Scientists examine Illinois earthquake risk

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Owen Stidman/The Daily Northwestern

Northwestern’s Lakefill overlooking downtown Chicago.

Emma Edmund, Assistant City Editor

On July 8, just after California experienced a 7.1-magnitude earthquake, the Illinois Emergency Management Agency issued a statement encouraging residents to prepare for possible local quakes. While Illinois has experienced over 600 recorded earthquakes, according to the 2018 Illinois Natural Hazard Mitigation Plan, officials and scientists continue to examine whether the state has a dangerous quake risk.

Illinois’ history is dotted with decently sized quakes. Bookended by two seismic zones on its eastern and southern border, the Wabash Valley Seismic Zone and the New Madrid Seismic Zone, the state has recorded 406 earthquakes magnitude 2.0 or higher since 1795, according to the mitigation plan.

A series of such earthquakes occurred in the New Madrid zone between 1811 and 1812, often considered some of the largest quakes since the country’s settlement by Europeans, according to the U.S. Geological Survey.

The quakes are estimated to have had magnitudes of over 7.0, and the USGS reports they had an area of strong shaking 10 times as large as the 1906 San Francisco earthquake. With the seismic history of this zone, some officials worry an Illinois earthquake with a similar magnitude to California’s could cause severe damages on large swaths of land.

Seth Stein, a professor in the earth and planetary sciences department at Northwestern, argues evidence points to a low major earthquake risk, and that the small quakes that southern Illinois experiences are just aftershocks of the 1811/1812 quakes.

“When you have an earthquake on the San Andreas fault, the two sides are moving,” Stein said. “That motion between the two sides rapidly wipes out the effects of the last earthquake. But in the middle of the continent, where nothing much is happening geologically, the biggest effect is still the earthquake from 200 years ago.”

Around 20 years ago, Stein said he used GPS receivers to analyze the ground in the New Madrid zone.

“The ground is not storing up any of the energy that will be released in a future earthquake,” Stein said. “That implies that there’s no good reason to believe there’s a big earthquake coming anytime soon.”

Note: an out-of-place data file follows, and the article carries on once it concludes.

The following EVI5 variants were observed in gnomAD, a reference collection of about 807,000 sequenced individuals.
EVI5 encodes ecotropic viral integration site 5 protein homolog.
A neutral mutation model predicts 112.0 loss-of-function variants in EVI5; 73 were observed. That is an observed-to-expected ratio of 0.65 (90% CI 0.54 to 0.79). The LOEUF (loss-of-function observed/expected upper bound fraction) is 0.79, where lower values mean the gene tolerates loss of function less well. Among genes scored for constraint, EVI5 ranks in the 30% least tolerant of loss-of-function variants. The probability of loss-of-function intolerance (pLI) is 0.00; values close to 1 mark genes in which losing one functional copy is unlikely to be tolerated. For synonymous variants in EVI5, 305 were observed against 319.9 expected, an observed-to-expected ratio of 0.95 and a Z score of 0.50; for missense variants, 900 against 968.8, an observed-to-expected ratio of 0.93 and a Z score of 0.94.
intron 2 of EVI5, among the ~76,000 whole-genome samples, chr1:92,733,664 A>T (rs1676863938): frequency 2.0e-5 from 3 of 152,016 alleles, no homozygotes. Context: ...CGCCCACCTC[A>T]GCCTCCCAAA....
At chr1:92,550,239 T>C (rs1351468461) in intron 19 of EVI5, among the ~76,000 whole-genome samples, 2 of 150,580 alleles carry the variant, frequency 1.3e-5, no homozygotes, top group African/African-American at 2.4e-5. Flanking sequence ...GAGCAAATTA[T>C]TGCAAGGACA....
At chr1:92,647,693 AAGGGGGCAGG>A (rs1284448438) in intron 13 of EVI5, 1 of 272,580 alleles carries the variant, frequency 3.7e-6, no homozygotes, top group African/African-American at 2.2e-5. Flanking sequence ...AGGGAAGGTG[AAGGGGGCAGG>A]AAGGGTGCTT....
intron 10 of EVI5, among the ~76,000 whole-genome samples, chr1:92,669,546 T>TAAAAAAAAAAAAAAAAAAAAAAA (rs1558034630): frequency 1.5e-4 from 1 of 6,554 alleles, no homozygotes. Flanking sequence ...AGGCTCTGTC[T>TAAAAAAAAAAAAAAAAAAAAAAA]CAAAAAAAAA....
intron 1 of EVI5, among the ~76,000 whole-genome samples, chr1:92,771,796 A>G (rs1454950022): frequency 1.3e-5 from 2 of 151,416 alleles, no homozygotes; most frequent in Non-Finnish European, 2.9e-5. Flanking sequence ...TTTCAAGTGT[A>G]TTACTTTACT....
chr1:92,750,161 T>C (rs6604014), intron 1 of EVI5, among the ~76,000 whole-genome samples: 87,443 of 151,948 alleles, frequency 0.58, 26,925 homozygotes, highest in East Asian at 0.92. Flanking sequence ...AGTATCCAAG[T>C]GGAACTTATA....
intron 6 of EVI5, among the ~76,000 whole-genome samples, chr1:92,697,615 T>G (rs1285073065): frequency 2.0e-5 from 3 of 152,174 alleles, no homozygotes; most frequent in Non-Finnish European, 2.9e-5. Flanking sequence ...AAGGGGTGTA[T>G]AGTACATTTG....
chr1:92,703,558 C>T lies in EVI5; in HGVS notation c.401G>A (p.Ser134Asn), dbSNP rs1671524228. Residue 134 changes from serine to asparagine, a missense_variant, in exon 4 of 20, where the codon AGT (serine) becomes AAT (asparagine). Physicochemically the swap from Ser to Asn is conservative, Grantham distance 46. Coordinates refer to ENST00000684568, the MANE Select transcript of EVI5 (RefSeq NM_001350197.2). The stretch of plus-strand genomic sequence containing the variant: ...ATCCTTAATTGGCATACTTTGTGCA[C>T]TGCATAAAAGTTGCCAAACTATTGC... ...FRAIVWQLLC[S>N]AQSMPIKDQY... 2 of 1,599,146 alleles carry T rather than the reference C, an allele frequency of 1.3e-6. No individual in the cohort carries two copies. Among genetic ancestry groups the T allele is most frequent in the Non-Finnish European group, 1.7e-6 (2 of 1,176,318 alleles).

Stein still believes, though, that there is a moderate earthquake hazard for part of the state, but “nothing to lose sleep over.”

Stein adds it might be useful to adapt building codes in the southern part of Illinois to accommodate for earthquake risk, emphasizing a common saying in seismology: Earthquakes don’t kill people, buildings do.

However, northern Illinois doesn’t face any major risk of a dangerous quake, according to Stein. One of his previous classes did an analysis and concluded that the money Chicago residents spend anchoring their water heaters as earthquake protection, as recommended by the IEMA in its recent statement, would be better spent in the state lottery.

Douglas Wiens, a professor of earth and planetary sciences at Washington University in St. Louis, agrees that northern Illinois faces a low risk.

“A moderate level of concern would be appropriate for the southern part of the state, because there is some reasonable hazard of a magnitude 6-type earthquake that could damage buildings, especially buildings that are poorly constructed,” Wiens said. “But for the Chicago area, I don’t think that there’s much hazard. We can’t rule ever out earthquakes anywhere in the world, but the area around Chicago seems to be remarkably stable.”

Wiens recommends, though, that residents should have some preparation if they live right near the seismic zones, such as keeping emergency supplies if they live in a quake-prone area or having a plan if they get caught outside during a quake.

Residents who want a little more practice with an earthquake situation can participate in the Great ShakeOut, an international earthquake drill on October 17 at 10:17 a.m. Over two million people have registered in the central U.S., with over 18 million participating total.

Robert Bauer, an engineering geologist at the Illinois State Geological Survey who helps to coordinate this event, said the drill is designed to help participants figure out how to behave if there was an actual emergency.

“A drill imprints on your brain what to do, versus at the time kind of being lost,” he said. “If you’re outside the building, to move away from buildings or away from underneath power lines. If the shaking is really intense you want to get out and away from underneath trees. So you’re imprinting that.”

The Federal Emergency Management Agency also has a packet of other preparations residents can take to secure their homes from danger.

Email: [email protected]
Twitter: @emmaeedmund

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